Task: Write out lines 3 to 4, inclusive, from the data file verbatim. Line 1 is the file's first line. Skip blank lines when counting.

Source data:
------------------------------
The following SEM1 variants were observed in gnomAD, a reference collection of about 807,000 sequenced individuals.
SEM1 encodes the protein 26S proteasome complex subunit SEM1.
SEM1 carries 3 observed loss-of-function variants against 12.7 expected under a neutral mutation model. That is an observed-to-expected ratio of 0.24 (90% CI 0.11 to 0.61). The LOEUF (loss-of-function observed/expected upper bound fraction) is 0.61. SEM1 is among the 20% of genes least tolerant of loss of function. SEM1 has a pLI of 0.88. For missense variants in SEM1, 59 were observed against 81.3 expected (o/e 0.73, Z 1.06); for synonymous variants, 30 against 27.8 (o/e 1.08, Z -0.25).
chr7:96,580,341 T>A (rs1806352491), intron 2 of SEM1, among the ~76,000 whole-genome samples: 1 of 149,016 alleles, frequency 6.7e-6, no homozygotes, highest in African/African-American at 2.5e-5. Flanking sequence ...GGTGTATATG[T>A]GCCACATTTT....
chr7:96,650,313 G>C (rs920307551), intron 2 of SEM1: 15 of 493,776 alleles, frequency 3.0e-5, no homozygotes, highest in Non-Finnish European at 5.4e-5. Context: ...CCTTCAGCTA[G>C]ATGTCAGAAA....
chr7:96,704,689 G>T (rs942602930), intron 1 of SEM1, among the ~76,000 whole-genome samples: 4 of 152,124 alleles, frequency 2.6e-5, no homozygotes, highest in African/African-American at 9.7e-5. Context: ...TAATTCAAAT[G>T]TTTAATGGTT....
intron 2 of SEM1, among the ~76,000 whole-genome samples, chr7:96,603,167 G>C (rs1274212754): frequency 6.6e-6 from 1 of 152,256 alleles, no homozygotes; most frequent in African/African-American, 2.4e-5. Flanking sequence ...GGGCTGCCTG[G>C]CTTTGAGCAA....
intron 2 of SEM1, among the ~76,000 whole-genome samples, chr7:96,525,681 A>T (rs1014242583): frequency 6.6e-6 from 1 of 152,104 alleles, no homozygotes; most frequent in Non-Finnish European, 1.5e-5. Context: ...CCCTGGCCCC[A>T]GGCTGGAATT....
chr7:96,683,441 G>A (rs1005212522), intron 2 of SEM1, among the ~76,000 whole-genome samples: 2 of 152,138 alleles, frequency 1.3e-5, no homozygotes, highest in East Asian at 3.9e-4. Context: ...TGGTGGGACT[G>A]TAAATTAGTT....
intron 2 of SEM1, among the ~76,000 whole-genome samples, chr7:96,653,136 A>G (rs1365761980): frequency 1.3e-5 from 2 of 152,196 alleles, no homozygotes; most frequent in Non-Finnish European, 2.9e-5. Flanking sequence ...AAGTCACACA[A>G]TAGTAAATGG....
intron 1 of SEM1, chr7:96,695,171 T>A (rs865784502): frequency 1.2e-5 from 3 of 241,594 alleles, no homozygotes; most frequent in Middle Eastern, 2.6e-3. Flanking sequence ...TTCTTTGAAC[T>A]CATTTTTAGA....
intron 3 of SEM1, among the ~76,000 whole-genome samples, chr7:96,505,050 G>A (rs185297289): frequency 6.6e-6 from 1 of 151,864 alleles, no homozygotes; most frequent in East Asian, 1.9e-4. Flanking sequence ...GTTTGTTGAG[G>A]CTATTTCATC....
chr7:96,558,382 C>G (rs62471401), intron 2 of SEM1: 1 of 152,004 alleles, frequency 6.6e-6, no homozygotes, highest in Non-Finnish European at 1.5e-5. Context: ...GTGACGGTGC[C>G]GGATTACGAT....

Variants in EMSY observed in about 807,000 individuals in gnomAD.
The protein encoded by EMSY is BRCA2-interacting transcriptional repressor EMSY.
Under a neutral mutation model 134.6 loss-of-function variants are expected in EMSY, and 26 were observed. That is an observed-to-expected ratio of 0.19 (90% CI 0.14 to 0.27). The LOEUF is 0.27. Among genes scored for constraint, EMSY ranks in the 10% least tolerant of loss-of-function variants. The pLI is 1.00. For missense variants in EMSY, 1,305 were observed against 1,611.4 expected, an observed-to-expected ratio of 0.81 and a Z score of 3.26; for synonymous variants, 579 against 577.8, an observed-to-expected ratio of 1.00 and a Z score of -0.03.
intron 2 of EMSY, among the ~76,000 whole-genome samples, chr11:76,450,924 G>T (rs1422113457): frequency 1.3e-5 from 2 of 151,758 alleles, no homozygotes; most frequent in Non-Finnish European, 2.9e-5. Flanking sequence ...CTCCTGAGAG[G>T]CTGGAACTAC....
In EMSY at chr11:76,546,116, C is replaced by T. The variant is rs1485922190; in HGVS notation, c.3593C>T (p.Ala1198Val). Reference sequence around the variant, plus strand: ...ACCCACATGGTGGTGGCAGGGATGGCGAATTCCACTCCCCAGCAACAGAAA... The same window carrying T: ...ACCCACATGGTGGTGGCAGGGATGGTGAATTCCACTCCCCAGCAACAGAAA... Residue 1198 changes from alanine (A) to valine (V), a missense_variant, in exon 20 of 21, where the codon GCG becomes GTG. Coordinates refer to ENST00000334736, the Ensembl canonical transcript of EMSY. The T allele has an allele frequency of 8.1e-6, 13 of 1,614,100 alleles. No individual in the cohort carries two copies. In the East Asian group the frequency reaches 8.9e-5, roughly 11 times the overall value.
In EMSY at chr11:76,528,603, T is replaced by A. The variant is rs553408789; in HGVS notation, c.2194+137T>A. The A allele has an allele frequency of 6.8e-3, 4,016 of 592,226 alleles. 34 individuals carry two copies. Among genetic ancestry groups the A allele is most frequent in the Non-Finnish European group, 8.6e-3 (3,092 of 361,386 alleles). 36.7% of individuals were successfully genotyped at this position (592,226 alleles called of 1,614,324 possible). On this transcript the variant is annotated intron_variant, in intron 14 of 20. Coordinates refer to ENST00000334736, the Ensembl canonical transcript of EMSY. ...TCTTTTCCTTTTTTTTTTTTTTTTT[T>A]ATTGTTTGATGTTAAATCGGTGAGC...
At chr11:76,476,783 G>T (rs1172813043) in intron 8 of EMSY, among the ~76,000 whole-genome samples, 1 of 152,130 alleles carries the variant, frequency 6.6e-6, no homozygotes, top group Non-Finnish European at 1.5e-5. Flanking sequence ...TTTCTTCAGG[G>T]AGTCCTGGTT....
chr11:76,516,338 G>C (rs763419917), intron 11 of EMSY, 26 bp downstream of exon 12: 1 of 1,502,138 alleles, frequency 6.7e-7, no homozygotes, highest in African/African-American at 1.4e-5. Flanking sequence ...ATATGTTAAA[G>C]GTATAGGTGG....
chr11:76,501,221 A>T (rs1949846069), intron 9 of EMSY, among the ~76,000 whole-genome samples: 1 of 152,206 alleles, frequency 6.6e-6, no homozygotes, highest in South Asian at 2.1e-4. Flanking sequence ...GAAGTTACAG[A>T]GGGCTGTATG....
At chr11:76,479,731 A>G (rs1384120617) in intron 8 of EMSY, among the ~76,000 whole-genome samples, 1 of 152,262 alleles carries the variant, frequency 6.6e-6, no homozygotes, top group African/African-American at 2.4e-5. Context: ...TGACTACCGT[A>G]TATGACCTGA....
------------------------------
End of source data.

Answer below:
SEM1 carries 3 observed loss-of-function variants against 12.7 expected under a neutral mutation model. That is an observed-to-expected ratio of 0.24 (90% CI 0.11 to 0.61). The LOEUF (loss-of-function observed/expected upper bound fraction) is 0.61. SEM1 is among the 20% of genes least tolerant of loss of function. SEM1 has a pLI of 0.88. For missense variants in SEM1, 59 were observed against 81.3 expected (o/e 0.73, Z 1.06); for synonymous variants, 30 against 27.8 (o/e 1.08, Z -0.25).
chr7:96,580,341 T>A (rs1806352491), intron 2 of SEM1, among the ~76,000 whole-genome samples: 1 of 149,016 alleles, frequency 6.7e-6, no homozygotes, highest in African/African-American at 2.5e-5. Flanking sequence ...GGTGTATATG[T>A]GCCACATTTT....